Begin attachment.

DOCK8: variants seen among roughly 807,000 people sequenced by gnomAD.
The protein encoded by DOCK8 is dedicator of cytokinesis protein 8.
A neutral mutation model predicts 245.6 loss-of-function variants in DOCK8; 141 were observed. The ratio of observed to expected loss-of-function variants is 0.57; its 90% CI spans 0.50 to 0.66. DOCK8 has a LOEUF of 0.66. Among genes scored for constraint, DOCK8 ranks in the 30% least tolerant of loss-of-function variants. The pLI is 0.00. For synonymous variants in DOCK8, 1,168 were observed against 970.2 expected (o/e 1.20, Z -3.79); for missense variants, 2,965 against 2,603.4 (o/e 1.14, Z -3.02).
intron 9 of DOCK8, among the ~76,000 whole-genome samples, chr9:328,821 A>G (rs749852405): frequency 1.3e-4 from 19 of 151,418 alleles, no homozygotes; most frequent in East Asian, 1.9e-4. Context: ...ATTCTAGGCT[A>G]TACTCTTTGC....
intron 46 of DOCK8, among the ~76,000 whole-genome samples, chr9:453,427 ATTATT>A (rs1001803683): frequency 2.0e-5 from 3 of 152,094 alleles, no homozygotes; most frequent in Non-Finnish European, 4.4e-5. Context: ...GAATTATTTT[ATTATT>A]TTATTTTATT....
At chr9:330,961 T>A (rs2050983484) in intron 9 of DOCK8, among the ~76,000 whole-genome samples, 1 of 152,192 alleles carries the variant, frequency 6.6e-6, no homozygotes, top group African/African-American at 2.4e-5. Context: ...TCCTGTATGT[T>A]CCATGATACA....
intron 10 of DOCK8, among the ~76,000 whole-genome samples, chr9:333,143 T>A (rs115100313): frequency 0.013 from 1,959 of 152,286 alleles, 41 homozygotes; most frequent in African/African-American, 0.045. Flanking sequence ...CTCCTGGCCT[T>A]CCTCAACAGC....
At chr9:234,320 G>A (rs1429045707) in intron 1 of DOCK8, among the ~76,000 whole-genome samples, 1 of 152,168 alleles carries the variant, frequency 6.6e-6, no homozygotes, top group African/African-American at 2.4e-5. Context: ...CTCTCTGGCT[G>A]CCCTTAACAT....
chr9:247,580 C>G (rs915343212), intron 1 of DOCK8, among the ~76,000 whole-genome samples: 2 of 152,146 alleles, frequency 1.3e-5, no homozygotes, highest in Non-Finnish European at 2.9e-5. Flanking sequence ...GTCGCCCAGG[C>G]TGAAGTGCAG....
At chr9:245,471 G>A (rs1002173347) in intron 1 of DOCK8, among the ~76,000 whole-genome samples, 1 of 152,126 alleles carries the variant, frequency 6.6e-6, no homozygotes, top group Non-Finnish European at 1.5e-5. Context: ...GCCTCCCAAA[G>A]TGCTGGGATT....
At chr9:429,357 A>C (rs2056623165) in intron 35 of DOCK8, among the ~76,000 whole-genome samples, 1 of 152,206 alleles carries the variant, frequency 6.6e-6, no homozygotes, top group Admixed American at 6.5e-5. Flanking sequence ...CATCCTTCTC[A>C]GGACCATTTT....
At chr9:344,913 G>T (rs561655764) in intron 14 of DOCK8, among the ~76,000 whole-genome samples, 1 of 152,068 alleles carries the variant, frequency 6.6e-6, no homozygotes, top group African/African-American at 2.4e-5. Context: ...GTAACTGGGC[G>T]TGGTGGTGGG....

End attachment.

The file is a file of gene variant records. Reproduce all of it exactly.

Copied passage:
DOCK8: variants seen among roughly 807,000 people sequenced by gnomAD.
The protein encoded by DOCK8 is dedicator of cytokinesis protein 8.
A neutral mutation model predicts 245.6 loss-of-function variants in DOCK8; 141 were observed. The ratio of observed to expected loss-of-function variants is 0.57; its 90% CI spans 0.50 to 0.66. DOCK8 has a LOEUF of 0.66. Among genes scored for constraint, DOCK8 ranks in the 30% least tolerant of loss-of-function variants. The pLI is 0.00. For synonymous variants in DOCK8, 1,168 were observed against 970.2 expected (o/e 1.20, Z -3.79); for missense variants, 2,965 against 2,603.4 (o/e 1.14, Z -3.02).
intron 9 of DOCK8, among the ~76,000 whole-genome samples, chr9:328,821 A>G (rs749852405): frequency 1.3e-4 from 19 of 151,418 alleles, no homozygotes; most frequent in East Asian, 1.9e-4. Context: ...ATTCTAGGCT[A>G]TACTCTTTGC....
intron 46 of DOCK8, among the ~76,000 whole-genome samples, chr9:453,427 ATTATT>A (rs1001803683): frequency 2.0e-5 from 3 of 152,094 alleles, no homozygotes; most frequent in Non-Finnish European, 4.4e-5. Context: ...GAATTATTTT[ATTATT>A]TTATTTTATT....
At chr9:330,961 T>A (rs2050983484) in intron 9 of DOCK8, among the ~76,000 whole-genome samples, 1 of 152,192 alleles carries the variant, frequency 6.6e-6, no homozygotes, top group African/African-American at 2.4e-5. Context: ...TCCTGTATGT[T>A]CCATGATACA....
intron 10 of DOCK8, among the ~76,000 whole-genome samples, chr9:333,143 T>A (rs115100313): frequency 0.013 from 1,959 of 152,286 alleles, 41 homozygotes; most frequent in African/African-American, 0.045. Flanking sequence ...CTCCTGGCCT[T>A]CCTCAACAGC....
At chr9:234,320 G>A (rs1429045707) in intron 1 of DOCK8, among the ~76,000 whole-genome samples, 1 of 152,168 alleles carries the variant, frequency 6.6e-6, no homozygotes, top group African/African-American at 2.4e-5. Context: ...CTCTCTGGCT[G>A]CCCTTAACAT....
chr9:247,580 C>G (rs915343212), intron 1 of DOCK8, among the ~76,000 whole-genome samples: 2 of 152,146 alleles, frequency 1.3e-5, no homozygotes, highest in Non-Finnish European at 2.9e-5. Flanking sequence ...GTCGCCCAGG[C>G]TGAAGTGCAG....
At chr9:245,471 G>A (rs1002173347) in intron 1 of DOCK8, among the ~76,000 whole-genome samples, 1 of 152,126 alleles carries the variant, frequency 6.6e-6, no homozygotes, top group Non-Finnish European at 1.5e-5. Context: ...GCCTCCCAAA[G>A]TGCTGGGATT....
At chr9:429,357 A>C (rs2056623165) in intron 35 of DOCK8, among the ~76,000 whole-genome samples, 1 of 152,206 alleles carries the variant, frequency 6.6e-6, no homozygotes, top group Admixed American at 6.5e-5. Flanking sequence ...CATCCTTCTC[A>C]GGACCATTTT....
At chr9:344,913 G>T (rs561655764) in intron 14 of DOCK8, among the ~76,000 whole-genome samples, 1 of 152,068 alleles carries the variant, frequency 6.6e-6, no homozygotes, top group African/African-American at 2.4e-5. Context: ...GTAACTGGGC[G>T]TGGTGGTGGG....